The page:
Applying Personal Health Informatics to Create Effective Patient-Centered E-Health

Applying Personal Health Informatics to Create Effective Patient-Centered E-Health

E. Vance Wilson (The University of Toledo, USA)
DOI: 10.4018/978-1-60960-561-2.ch613
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E-health use is increasing worldwide, but no current e-health paradigm fulfills the complete range of users’ needs for Web-enabled healthcare services. Moreover, a number of obstacles exist that could make it difficult for e-health to meet users’ expectations, especially in the case where the users are patients. These dilemmas cloud the future of e-health, as promoters of e-commerce, personal health records, and consumer health informatics paradigms vie to create e-health applications while being hampered by the implicit constraints of each perspective. This chapter presents an alternative approach for designing and developing e-health titled personal health informatics (PHI). PHI was developed to overcome the limitations of preceding paradigms while incorporating their best features. The chapter goes on to describe how PHI can be applied to create effective patient-centered e-health for delivery by healthcare organizations to their own patients.
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E-health is broadly defined as “health services and information delivered or enhanced through the Internet” (Eysenbach, 2001). Overall use of e-health continues to expand worldwide. Harris Interactive reports the number of Americans who have searched for health information online has increased to 117 million, and 85% of these individuals searched within the month prior to being surveyed (Krane, 2005). Outside the U.S. and Europe, e-health use has grown more slowly (e.g., see Holliday & Tam, 2004). But even in these areas further expansion seems likely as the World Health Organization and similar groups ramp up efforts to increase availability of e-health in developing nations (Kwankam, 2004; WHO, 2005).

Although some aspects of successful e-health are well-established, such as the need to provide encyclopedic health content, other aspects are less obvious. For example:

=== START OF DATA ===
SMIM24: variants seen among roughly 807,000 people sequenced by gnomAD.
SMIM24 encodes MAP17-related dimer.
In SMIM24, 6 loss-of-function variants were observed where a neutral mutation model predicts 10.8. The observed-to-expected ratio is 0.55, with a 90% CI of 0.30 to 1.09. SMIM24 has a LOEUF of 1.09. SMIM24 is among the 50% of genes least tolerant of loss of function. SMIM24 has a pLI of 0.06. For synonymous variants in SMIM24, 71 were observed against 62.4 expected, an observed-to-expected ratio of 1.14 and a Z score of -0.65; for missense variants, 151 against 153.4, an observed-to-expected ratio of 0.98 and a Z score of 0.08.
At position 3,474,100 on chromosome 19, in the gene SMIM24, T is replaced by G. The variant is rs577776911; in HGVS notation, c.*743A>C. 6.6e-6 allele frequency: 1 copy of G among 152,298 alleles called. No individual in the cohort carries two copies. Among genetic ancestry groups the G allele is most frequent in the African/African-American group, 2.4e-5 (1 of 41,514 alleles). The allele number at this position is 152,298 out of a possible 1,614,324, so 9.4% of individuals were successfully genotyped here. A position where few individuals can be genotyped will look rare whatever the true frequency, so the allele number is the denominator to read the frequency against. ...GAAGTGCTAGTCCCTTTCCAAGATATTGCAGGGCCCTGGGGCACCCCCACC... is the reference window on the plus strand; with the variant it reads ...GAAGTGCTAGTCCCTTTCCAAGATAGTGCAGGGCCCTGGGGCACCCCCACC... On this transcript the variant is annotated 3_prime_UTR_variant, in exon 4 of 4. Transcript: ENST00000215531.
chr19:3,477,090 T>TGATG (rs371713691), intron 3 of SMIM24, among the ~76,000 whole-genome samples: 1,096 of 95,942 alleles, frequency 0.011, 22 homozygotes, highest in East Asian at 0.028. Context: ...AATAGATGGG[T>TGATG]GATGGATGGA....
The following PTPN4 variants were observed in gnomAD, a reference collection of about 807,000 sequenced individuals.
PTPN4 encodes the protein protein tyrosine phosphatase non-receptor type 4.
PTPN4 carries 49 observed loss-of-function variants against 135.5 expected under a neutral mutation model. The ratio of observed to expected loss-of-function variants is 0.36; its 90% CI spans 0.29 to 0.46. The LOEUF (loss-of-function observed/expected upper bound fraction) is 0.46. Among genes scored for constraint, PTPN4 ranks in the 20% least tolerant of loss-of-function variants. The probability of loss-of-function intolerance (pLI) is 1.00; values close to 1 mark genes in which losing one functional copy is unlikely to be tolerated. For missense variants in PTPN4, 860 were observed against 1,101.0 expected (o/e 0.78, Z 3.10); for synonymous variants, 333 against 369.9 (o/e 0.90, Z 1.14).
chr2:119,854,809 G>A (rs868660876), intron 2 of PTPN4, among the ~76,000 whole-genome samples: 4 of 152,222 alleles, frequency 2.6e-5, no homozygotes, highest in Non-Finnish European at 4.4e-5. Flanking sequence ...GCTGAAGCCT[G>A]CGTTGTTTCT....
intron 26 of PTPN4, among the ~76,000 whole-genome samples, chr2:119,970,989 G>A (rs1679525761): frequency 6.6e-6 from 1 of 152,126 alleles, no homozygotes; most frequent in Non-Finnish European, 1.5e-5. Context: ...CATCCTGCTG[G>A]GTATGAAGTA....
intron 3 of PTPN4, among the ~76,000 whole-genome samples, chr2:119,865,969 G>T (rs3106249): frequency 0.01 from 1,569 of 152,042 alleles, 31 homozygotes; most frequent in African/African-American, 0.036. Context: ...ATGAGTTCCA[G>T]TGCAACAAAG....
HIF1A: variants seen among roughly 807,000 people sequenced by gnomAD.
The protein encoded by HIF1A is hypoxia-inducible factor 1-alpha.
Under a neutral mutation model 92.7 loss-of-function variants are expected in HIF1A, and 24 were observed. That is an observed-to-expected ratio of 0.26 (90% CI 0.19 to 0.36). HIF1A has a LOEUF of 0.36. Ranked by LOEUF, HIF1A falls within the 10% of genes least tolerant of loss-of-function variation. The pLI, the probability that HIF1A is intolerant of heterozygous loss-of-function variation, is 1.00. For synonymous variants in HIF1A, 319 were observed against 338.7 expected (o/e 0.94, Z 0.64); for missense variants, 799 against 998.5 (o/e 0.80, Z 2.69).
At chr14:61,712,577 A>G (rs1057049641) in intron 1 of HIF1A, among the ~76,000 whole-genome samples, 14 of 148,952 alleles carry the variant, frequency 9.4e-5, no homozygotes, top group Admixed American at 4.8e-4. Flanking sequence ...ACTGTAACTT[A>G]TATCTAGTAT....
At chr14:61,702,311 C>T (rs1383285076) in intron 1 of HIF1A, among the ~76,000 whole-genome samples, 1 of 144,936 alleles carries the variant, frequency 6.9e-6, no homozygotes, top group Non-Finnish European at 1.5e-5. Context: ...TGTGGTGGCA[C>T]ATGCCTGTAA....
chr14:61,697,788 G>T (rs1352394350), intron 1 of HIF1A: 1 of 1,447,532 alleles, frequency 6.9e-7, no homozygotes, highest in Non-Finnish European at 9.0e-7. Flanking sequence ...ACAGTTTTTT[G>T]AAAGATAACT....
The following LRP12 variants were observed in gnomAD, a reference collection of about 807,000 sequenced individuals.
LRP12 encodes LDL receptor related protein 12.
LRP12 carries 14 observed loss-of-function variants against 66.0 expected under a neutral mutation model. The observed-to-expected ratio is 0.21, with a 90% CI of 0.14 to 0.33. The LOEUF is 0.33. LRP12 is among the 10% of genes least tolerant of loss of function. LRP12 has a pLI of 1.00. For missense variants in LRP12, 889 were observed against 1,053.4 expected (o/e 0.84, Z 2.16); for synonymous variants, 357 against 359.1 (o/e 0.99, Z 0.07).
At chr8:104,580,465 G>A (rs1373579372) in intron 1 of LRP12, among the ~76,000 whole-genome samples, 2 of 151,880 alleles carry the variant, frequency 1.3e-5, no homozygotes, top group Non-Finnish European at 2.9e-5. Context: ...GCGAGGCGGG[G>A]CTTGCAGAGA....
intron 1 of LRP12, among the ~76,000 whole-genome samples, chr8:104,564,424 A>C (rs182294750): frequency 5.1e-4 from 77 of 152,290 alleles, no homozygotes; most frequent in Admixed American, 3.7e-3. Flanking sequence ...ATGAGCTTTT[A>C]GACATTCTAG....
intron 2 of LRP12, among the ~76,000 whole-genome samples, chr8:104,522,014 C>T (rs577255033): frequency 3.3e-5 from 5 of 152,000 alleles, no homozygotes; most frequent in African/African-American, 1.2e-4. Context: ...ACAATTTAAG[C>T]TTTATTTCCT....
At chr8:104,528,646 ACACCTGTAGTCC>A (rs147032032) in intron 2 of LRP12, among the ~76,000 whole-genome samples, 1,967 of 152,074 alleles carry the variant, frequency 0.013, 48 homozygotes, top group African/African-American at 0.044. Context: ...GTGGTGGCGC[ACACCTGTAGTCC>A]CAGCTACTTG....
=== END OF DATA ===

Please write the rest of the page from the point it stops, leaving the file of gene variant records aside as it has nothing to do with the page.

• Which services should be deployed online and how should users interface with these services?

  • If communication is offered, what is the best way to coordinate this to balance needs of the public with those of healthcare representatives, for example, physicians and clinic staff?

  • How should personal health records (PHR) be incorporated into e-health, who “owns” the data in these records, and what (if any) data should PHR share with records of the healthcare provider, insurer, and payer, such as employer or government agency?

These are no idle questions to the health informatics and IT practitioners who must design and deploy e-health applications. Given the large number of healthcare providers who currently are investing in e-health as an important part of organizational strategy (Lazarus, 2001; Martin, Yen & Tan, 2002), learning how to create successful e-health applications is a key topic for both research and practice.

In developing effective approaches for designers and developers of e-health, I propose that it will be helpful to view e-health, as broadly defined above, from a user-centered perspective that can incorporate best practices of preceding e-health paradigms without being limited by their implicit constraints. This chapter presents the foundational concepts underlying this approach and then describes how the approach can provide guidance in the specific context of e-health applications that healthcare providers develop to serve their own patients.


Paradigms Of E-Health

E-health is a broad domain that describes numerous aspects of the convergence of healthcare and Internet technology (Oh, Rizo, Enkin & Jadad, 2005). A frequently-cited definition by Eysenbach highlights e-health’s interdisciplinary underpinnings.

E-health is an emerging field in the intersection of medical informatics, public health and business, referring to health services and information delivered or enhanced through the Internet and related technologies. In a broader sense, the term characterizes not only a technical development, but also a state-of-mind, a way of thinking, an attitude, and a commitment for networked, global thinking, to improve healthcare locally, regionally, and worldwide by using information and communication technology (Eysenbach, 2001).

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